The Night Circus tells the story of a young girl and a young boy, who are bound together to participate in a challenge, which makes them use every bit of their wits to try and beat the other. But this is no ordinary challenge. It is a challenge of magical ability, and the Night Circus is the venue.
In events that span the turn of the century, Celia and Marco circle each other like prey, without knowing who their opponent is, only knowing that they must beat each other in order to release themselves from this challenge which has taken over their whole lives.
Yet what they don’t expect is to fall in love with each other over the process. Bound to destroy each other, destined to be in love, Celia and Marco are forced to question whether true love trumps all, even the lives of those connected with the Circus, as the forces holding the Circus begin to unravel and destroy everyone involved.
Okay, I admit that was a horrible book description. I always try to write my own plot summaries, rather than pull them from Goodreads, but I had an especially hard time with this one. Its only been 2 days since I finished this novel, but I’m having a really hard time remembering what it was about (other than how grand the Circus was) and what the major conflicts were.
But first off, let’s start with the good. The writing is beautiful. Morgensen truly has a talent for evocative details, language that truly appeals to the sense with its descriptive words and imagery. There were many beautiful descriptions of the Circus, of the many tastes and smells and sounds associated with it, which made you picture yourself wherever it was that she was describing. My mouth did water a couple of times when she describe the caramel apples, and that’s definitely the sign of a great writer (either that, or I was hungry).
My friend Cristina uses a word in her review of the book and I think its the perfect word when describing this book in one word: “over-indulgent”. There is barely any story or character development, yet there are pages and pages and pages of excessive, over-indulgent descriptions of how marvellous the Circus was, and how amazing the smells were, and how magical everything was, and how there was so much mystery surrounding everything. You get my point. To me, Morgensen was showing off. Every flowery, over-descriptive sentence which kept my attention away from the (barely there) plot screamed Look at me! and by the time I got to the middle of the book, I was sick of it. It was just so over the top.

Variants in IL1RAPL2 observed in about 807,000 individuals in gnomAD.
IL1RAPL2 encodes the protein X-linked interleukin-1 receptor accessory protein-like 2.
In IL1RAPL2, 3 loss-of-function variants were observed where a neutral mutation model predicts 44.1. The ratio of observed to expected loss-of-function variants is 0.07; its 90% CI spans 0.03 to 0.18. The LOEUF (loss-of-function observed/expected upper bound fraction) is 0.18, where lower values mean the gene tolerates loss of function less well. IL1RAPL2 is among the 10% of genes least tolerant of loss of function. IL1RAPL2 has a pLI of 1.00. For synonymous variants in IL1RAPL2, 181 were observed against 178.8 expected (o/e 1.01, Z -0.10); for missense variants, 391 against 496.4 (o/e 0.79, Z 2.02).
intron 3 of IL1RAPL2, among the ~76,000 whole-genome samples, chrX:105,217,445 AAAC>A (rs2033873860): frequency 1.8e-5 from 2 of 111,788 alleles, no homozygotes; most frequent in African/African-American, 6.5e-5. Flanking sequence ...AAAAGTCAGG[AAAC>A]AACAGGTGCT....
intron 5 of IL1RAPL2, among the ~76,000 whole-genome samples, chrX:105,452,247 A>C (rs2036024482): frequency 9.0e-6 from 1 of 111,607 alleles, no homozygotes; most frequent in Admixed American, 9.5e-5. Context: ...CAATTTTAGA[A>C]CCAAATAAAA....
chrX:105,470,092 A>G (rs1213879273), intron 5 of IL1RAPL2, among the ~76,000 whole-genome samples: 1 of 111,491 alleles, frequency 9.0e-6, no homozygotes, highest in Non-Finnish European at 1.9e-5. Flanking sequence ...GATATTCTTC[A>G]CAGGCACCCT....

As I already mentioned, the plot barely existed. The way the challenge is described, it makes Celia and Marco’s relationship sound fiery and passionate and full of intense magical encounters. I was ready for a showdown, a la Voldemort and Harry, but that’s not what I got. The main characters didn’t meet until more than halfway through and then spent the majority of the time constructing these supposedly-amazing displays and magical feats of wonders in tents. It was nice, but not what I was expecting.
The narrative flow was another problem for me. The story flips back and forth through years, from when the Circus is already born to its conception at a fancy dinner to other points in time. The dates are written in fairly small type at the top of the page, so I missed them for a few chapters, before finally realising that the reason I was so confused was because of the back and forth between the past and present. I get that this is a stylistic choice, and yes it can be really cool, but it seemed to be done without a reason here.
Another one of my pet peeves was the setting of the story. It took place from the late 1800s to the early 1900s, yet there seemed to be no indication of the time period in the story at all. Granted, there was no mention of computers and cell phones, but the setting didn’t seem authentic to the time period the story was set in. And even though the characters are kind of frozen in time while living in the Circus, the rest of the world wasn’t, and I think the lack of mention of the progression of the outside world really detracted from the authenticity of the story. I get that the world of the Circus was sort of like a bubble, but I didn’t really believe that it took place in the turn of the century, since the characters didn’t really behave any differently from now.
So with that: 1.5/5.
I really don’t like giving low marks to a book, but I felt like this one was a huge disappointment. Maybe because it was overly hyped up, but I was not as enchanted as I thought I was going to be. I barely finished it.
Thanks for reading.
‘Till next time,